A court in northwestern Russia is set to deliver its verdict on April 28 in the case against an activist accused of “distributing pornography” for sharing a video by the German rock band Rammstein in 2014.
Amnesty International called the case against Andrei Borovikov, who faces three years in prison if convicted, as “utterly absurd,” saying he was being “punished solely for his activism, not his musical taste.”
Borovikov was formerly the coordinator of jailed opposition politician Aleksei Navalny’s Arkhangelsk regional headquarters.
Describing Borovikov’s prosecution as “a mockery of justice,” the London-based human rights group’s Moscow office director, Natalia Zviagina, called for all charges against him to be dropped.
“The Russian authorities should be focusing on turning around the spiraling human rights crisis they have created, not devising ludicrous new ways of prosecuting and silencing their critics,” Zviagina said in a statement ahead of the verdict.
In 2014, Borovikov shared a music video for Rammstein’s song titled Pussy on the Russian social network VKontakte.
More than six years later, in September 2020, the activist was charged with “production and distribution of pornography.”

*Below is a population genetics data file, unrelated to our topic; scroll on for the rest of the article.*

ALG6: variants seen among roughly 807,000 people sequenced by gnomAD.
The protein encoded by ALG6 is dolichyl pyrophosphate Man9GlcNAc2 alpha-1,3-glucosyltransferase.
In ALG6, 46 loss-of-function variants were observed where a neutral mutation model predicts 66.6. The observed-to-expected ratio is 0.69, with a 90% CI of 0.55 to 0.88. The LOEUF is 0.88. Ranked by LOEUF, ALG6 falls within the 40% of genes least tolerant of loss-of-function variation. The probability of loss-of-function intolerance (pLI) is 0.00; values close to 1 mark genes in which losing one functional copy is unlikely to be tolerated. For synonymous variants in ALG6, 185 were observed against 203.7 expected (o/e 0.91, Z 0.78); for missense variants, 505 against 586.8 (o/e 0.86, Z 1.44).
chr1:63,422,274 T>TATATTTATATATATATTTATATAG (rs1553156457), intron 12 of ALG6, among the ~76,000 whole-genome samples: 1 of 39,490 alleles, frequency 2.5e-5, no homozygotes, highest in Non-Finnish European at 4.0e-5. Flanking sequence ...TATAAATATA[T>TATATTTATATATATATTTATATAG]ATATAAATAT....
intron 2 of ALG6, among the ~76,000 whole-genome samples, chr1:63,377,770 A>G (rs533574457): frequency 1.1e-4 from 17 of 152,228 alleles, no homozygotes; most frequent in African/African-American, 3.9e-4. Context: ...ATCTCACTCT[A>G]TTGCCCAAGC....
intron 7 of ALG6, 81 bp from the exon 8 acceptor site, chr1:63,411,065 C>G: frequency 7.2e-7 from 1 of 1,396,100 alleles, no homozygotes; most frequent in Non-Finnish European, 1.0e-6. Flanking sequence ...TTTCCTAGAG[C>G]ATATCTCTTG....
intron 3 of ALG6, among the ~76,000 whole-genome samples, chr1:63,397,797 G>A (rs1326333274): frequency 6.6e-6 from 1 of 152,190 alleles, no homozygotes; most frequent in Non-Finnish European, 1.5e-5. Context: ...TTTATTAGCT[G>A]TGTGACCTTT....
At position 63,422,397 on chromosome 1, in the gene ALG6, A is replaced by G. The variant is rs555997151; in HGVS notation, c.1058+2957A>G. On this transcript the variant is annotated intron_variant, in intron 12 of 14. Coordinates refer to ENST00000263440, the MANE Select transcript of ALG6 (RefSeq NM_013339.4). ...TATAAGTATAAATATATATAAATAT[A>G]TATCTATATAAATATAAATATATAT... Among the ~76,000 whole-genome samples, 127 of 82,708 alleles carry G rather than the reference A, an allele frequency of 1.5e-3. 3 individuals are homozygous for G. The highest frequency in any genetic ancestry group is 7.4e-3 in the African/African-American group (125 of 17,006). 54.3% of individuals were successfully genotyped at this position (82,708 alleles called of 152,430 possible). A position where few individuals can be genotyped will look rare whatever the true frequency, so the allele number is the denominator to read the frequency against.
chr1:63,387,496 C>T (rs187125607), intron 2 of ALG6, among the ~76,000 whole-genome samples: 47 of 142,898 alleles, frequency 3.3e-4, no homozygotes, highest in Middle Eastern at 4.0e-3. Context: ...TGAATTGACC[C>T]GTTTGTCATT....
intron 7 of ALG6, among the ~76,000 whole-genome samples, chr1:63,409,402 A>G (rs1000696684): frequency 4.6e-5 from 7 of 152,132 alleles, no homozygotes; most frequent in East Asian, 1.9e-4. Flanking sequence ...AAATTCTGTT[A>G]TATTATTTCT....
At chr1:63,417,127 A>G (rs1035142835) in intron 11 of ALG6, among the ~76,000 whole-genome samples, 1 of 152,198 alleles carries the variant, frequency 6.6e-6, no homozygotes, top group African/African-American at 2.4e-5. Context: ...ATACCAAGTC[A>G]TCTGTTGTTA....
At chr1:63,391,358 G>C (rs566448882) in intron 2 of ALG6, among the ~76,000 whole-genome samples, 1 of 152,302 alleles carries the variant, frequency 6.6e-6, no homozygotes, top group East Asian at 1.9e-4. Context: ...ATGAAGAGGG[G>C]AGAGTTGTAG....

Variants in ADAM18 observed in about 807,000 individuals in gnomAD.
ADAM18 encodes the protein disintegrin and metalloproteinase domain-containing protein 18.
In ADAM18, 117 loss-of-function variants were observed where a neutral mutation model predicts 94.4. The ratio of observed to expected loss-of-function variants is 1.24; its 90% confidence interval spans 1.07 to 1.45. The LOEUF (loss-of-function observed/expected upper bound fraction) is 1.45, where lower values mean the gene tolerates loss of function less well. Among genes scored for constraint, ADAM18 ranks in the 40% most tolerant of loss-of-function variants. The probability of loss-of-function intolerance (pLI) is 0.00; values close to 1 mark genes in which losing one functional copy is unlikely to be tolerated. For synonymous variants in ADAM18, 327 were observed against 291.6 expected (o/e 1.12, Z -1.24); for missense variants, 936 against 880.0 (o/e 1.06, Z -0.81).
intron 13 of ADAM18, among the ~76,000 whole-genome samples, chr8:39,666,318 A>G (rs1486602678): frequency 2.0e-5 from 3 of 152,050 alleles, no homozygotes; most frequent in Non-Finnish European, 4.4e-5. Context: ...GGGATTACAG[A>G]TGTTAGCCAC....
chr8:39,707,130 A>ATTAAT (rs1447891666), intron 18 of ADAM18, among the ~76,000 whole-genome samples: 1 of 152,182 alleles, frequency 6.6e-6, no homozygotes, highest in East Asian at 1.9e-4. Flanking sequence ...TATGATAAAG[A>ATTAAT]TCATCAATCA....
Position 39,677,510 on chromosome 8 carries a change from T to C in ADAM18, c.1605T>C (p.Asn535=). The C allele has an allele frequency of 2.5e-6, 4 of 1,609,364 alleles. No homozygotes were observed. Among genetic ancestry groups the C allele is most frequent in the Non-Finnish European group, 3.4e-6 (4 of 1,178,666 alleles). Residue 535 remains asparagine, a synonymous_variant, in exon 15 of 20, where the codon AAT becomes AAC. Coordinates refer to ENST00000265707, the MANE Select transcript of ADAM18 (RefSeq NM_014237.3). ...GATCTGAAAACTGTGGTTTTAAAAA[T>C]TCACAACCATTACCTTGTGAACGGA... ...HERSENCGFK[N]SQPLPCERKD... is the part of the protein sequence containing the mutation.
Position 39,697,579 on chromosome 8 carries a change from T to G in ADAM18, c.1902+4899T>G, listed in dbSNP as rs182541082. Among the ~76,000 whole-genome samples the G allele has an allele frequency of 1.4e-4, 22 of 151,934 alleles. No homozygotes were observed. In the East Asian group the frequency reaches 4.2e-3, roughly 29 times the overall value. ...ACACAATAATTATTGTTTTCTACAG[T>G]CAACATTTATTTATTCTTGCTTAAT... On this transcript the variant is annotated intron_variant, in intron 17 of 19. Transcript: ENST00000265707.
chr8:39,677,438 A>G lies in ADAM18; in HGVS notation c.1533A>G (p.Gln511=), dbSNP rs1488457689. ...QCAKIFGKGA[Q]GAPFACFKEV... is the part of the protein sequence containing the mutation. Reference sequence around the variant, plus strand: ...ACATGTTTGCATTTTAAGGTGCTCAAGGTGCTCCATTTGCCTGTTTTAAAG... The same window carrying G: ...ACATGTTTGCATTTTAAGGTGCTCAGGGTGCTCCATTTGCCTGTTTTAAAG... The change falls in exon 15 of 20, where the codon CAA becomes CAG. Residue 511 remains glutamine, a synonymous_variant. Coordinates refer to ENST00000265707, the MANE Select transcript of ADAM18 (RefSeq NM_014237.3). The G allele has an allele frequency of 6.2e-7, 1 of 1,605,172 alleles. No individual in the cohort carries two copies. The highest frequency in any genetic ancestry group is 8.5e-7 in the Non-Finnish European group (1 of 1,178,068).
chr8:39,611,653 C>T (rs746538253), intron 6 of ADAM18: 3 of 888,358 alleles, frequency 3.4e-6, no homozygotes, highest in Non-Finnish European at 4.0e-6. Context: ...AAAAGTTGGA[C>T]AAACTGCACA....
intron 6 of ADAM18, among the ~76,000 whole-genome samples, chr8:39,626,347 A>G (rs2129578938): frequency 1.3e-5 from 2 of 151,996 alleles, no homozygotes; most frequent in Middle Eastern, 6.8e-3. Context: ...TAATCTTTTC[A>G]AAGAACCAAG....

Prosecutors have requested a three-year sentence in a high security penal colony if Borovikov is found guilty by the Lomonosovsky District Court in Arkhangelsk.
“This is not the first time the Russian authorities have used an overbroad definition of ‘pornography’ as a pretext for locking up their critics,” Zviagina said, citing the case of Yulia Tsvetkova, an LGBT activist from Russia's Far East who stood trial earlier this month on pornography charges over her drawings of women’s bodies.
“It is astonishing that cases like this even make it to court,” Zviagina said.
The music video posted by Borovikov came to the authorities’ attention six months ago when a former volunteer at his office informed the police. Amnesty International said it suspected the volunteer was employed as an agent provocateur to help fabricate the case.
The prosecution said the video had been seen by “not fewer than two people” and ordered “a sexological and cultural examination” of the clip, before experts found it to be of “pornographic nature” and “not containing artistic value.”
Rammstein are no strangers to controversy.
In Belarus, the Council for Public Morals in 2010 protested against Rammstein's concerts in the country that year, saying the band's shows were "open propaganda of homosexuality, masochism, and other forms of perversions, violence, cruelty, and vulgarism."
In 2019, a man in Belarus was charged with producing and distributing pornographic materials for posting a clip in 2014 of the band's video Pussy, which showed graphic sex scenes.
That same year, a video for the group's song Deutschland showed band members dressed as concentration camp prisoners, sparking outrage, especially among Jewish groups.